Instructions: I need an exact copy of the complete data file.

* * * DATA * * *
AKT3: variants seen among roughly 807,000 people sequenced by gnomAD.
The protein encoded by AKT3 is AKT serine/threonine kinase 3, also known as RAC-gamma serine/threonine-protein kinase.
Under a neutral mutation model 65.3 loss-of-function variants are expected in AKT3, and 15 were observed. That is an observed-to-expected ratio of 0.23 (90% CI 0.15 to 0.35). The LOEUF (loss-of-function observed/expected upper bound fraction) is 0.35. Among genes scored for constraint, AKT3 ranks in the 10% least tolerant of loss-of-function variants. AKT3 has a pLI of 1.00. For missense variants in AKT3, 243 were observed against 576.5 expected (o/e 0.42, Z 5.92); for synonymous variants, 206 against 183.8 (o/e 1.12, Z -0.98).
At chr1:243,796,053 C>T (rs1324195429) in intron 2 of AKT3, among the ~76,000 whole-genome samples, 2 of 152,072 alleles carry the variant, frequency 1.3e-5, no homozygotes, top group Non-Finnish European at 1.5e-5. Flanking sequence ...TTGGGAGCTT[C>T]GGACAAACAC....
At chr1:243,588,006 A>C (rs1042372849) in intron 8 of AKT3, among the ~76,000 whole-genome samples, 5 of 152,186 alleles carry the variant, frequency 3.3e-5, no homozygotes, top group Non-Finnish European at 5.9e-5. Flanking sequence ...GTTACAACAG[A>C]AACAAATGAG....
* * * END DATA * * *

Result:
AKT3: variants seen among roughly 807,000 people sequenced by gnomAD.
The protein encoded by AKT3 is AKT serine/threonine kinase 3, also known as RAC-gamma serine/threonine-protein kinase.
Under a neutral mutation model 65.3 loss-of-function variants are expected in AKT3, and 15 were observed. That is an observed-to-expected ratio of 0.23 (90% CI 0.15 to 0.35). The LOEUF (loss-of-function observed/expected upper bound fraction) is 0.35. Among genes scored for constraint, AKT3 ranks in the 10% least tolerant of loss-of-function variants. AKT3 has a pLI of 1.00. For missense variants in AKT3, 243 were observed against 576.5 expected (o/e 0.42, Z 5.92); for synonymous variants, 206 against 183.8 (o/e 1.12, Z -0.98).
At chr1:243,796,053 C>T (rs1324195429) in intron 2 of AKT3, among the ~76,000 whole-genome samples, 2 of 152,072 alleles carry the variant, frequency 1.3e-5, no homozygotes, top group Non-Finnish European at 1.5e-5. Flanking sequence ...TTGGGAGCTT[C>T]GGACAAACAC....
At chr1:243,588,006 A>C (rs1042372849) in intron 8 of AKT3, among the ~76,000 whole-genome samples, 5 of 152,186 alleles carry the variant, frequency 3.3e-5, no homozygotes, top group Non-Finnish European at 5.9e-5. Flanking sequence ...GTTACAACAG[A>C]AACAAATGAG....